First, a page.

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Simply the Best Documentaries

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WWII In 3D
Art of Spain: The Dark Heart
Michael Jackson Journey from Motown to Off the Wall
Titanic 100 Years
The Outer Planets
Cannabis: The Evil Weed
Journey to Space
Flight of the Butterflies
The Last Reef
Deep Sea
Is Anybody Out There
The Cell: The Hidden Kingdom
I am Ali
Blood Brother
Everything
Fracking The New Energy Rush
Neanderthal 1
Shallow Seas
The Most Dangerous Band in the World. The Story of Guns N Roses
Video Games: The Movie
A Sky Full of Ghosts
Dinosaur 13
Oceans of the Solar System
More Human Than Human
A Leap of Faith
The Gatekeepers
Cosmos: A Spacetime Odyssey. Standing Up in the Milky Way
Conquest of the Skies The first to flight
Kurt Cobain Montage of Heck
Dark Net Rewire
Dinosaurs Alive
What the World is Waiting for - British Indie
The Making of Jurassic Park
The Square (Al Midan)
King Arthur
Born to Be Wild

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The Internets Own Boy. The Story of Aaron Swartz
The Internets Own Boy. The Story of Aaron Swartz 2014

the rise and fall of a tech industry prodigy. Interviews with his friends and loved ones paint a portrait of Swartz as a martyr of freedom of information and hail his fight for the public's right to access tax-funded academic and scientific research, culminating in a personally devastating two-year Federal lawsuit." An avid researcher who had previously accessed otherwise private databases, Swartz, acting "in the grand tradition of civil disobedience to declare... opposition to this private theft of public culture" used MIT computers to access tax-funded research that would otherwise be held privately by for-profit publishers, an incident many viewers may remember from national headlines just a few year ago. Though neither MIT nor the digital repository Swartz accessed pressed charges, a US Attorney stepped in and filed a 13-count felony charge against Swartz, threatening him with over $1 million in fines and up to 35 years of jail time. Despite the defense of his peers, these events launched Swartz into a two-year long downward spiral of withdrawal and depression. Aaron Swartz's untimely death at the age of 26.

Category:Culture  Duration:01:45:00   

Edison
Edison 2015

By the time he died in 1931, Thomas Alva Edison was one of the most famous men in the world. The holder of more patents than any other inventor in history, Edison had achieved glory as the genius behind such revolutionary inventions as sound recording, motion pictures, and electric light. Edison's curiosity led him to its cutting edge. With just three months of formal schooling, he took on one seemingly impossible technical challenge after another, and through intuition, persistence, and a unique team approach to innovation, invariably solved it." Driven and intensely competitive, Edison was often neglectful in his private life and could be ruthless in business. Challenged by competition in the industry he'd founded, Edison launched an ugly propaganda campaign against his rivals, and used his credibility as an electrical expert to help ensure that high-voltage electrocution became a form of capital punishment. Edison explores the complex alchemy that accounts for the enduring celebrity of America's most famous inventor, offering new perspectives on the man and his milieu, and illuminating not only the true nature of invention, but its role in turn-of-the-century America's rush into the future.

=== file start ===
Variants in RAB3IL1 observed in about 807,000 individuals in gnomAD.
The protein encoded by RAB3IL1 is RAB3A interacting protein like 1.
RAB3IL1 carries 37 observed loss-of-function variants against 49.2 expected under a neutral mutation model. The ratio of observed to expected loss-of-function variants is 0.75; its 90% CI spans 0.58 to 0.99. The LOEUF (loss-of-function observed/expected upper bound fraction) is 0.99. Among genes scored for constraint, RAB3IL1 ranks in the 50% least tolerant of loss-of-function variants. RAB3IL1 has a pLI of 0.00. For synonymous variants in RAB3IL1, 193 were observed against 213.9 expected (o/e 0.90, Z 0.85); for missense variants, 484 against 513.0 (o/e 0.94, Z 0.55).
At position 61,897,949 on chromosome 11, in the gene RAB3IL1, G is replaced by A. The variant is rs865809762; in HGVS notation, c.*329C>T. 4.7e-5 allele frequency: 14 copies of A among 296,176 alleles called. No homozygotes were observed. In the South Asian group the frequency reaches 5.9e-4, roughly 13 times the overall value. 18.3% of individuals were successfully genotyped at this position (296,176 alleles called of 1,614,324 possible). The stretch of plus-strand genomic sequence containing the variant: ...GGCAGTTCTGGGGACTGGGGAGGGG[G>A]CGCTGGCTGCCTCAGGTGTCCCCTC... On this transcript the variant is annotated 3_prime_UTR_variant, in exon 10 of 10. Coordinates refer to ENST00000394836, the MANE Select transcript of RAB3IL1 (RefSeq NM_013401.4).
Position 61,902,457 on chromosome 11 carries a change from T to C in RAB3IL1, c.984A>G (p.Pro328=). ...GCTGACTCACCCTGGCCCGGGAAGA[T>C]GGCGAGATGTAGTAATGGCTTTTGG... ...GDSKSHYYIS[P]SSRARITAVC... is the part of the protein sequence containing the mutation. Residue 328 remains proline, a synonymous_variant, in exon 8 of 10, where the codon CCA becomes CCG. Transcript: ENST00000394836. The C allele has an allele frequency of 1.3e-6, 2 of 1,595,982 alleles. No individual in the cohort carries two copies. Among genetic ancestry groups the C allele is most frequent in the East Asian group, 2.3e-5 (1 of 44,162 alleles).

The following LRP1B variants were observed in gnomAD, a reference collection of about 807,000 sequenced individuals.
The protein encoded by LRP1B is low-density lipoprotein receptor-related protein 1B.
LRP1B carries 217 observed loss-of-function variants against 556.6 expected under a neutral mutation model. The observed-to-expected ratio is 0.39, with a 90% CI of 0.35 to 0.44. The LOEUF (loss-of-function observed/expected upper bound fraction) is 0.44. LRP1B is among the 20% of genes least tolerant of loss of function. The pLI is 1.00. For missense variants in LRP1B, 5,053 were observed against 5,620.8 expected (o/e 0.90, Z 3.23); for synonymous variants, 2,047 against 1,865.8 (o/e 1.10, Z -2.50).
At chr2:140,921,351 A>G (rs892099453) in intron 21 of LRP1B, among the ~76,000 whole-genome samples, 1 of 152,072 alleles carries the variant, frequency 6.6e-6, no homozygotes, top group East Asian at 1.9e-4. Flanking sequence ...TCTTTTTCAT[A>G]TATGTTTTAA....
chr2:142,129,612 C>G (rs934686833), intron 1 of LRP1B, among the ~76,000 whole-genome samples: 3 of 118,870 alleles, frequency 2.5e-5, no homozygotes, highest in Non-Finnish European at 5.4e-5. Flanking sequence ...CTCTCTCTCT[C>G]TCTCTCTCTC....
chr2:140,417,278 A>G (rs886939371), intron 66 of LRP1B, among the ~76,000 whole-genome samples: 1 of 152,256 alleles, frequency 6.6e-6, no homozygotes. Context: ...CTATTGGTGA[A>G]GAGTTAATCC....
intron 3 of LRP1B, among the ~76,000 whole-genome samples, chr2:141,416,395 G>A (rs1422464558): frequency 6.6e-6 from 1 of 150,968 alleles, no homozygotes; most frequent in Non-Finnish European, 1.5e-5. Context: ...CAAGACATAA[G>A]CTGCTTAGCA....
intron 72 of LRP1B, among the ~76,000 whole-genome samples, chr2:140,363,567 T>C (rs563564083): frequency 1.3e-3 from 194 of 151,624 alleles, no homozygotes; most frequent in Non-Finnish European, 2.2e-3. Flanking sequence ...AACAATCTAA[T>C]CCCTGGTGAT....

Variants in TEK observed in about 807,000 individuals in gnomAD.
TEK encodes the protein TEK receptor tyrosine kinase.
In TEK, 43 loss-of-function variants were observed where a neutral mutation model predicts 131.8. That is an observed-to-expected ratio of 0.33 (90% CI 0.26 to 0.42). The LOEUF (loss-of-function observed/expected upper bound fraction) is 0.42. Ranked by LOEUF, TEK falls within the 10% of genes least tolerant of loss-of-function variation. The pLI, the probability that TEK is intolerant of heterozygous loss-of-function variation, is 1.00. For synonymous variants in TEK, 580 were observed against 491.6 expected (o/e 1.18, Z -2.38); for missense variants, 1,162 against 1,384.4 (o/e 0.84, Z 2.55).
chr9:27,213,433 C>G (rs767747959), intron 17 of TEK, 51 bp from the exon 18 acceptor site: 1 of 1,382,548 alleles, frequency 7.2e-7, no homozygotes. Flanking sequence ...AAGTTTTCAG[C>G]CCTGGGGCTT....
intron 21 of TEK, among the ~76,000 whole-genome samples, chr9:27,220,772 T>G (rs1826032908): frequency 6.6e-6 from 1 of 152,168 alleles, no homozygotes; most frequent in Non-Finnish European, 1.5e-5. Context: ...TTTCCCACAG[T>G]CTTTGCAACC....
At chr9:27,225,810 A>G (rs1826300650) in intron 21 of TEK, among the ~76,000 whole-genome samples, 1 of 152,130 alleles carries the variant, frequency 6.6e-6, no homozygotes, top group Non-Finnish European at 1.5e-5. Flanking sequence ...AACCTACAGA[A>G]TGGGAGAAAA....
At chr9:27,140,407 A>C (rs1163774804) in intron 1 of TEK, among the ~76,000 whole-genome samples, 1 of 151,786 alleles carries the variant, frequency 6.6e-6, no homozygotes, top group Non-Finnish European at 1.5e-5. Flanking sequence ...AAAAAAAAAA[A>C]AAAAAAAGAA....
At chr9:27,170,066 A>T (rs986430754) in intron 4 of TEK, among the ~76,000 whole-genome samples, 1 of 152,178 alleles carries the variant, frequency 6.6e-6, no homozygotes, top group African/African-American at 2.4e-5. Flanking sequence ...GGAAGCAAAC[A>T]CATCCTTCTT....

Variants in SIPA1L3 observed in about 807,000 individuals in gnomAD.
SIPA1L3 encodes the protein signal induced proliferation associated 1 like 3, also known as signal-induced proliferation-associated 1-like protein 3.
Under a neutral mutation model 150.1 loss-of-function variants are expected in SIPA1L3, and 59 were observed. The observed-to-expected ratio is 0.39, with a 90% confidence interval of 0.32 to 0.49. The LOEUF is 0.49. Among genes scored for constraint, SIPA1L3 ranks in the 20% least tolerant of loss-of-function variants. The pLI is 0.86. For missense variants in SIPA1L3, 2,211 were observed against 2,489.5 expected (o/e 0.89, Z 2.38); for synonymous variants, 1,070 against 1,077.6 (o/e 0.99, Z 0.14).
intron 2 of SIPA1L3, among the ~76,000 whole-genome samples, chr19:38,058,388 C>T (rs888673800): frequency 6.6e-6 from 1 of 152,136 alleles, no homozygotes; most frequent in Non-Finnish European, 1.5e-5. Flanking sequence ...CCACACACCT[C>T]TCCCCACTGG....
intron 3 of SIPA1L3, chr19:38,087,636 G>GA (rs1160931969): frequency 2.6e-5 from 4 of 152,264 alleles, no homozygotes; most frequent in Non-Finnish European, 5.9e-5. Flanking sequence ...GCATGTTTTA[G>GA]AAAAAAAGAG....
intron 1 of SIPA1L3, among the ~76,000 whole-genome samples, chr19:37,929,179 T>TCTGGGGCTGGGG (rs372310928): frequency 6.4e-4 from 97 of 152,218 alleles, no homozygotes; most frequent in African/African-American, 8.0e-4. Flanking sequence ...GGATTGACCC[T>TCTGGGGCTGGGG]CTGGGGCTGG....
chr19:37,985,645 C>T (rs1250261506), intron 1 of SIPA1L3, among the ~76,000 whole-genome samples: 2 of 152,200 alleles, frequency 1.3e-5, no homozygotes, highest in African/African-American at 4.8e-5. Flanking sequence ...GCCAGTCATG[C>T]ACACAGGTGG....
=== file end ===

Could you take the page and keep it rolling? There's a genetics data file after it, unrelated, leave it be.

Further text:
Category:History  Duration:01:53:00   

Fracking The New Energy Rush
Fracking The New Energy Rush 2013

Iain Stewart investigates a new and controversial energy rush for the natural gas found deep underground. Getting it out of the ground involves hydraulic fracturing - or fracking. We travel to America to find to find out what it is, why it is a potential game changer and what we can learn from the US experience". Sometimes, this is right under the places people live in. He meets some of the people who have become rich from fracking as well as the communities worried about the risks. Director Jeff Wilkinson

Category:Technology  Duration:58:00   

Are Video Games Really That Bad
Are Video Games Really That Bad 2015

The video game industry is a global phenomenon. There are over 1.2 billion gamers across the planet, with sales projected soon to pass $100 billion per year. But their very popularity fuels the controversy that surrounds them. They frequently stand accused of corrupting the young - of causing violence and addiction. But is this true? The scientific community is deeply divided". Some are convinced that video games incite aggression. Others insist they have no effect whatsoever on real-world violence. But away from the controversy, there is a growing body of evidence that suggests video games may help keep the brain sharp, and could soon revolutionise how we combat mental decline as we age.

Category:Medicine  Duration:59:00   

 
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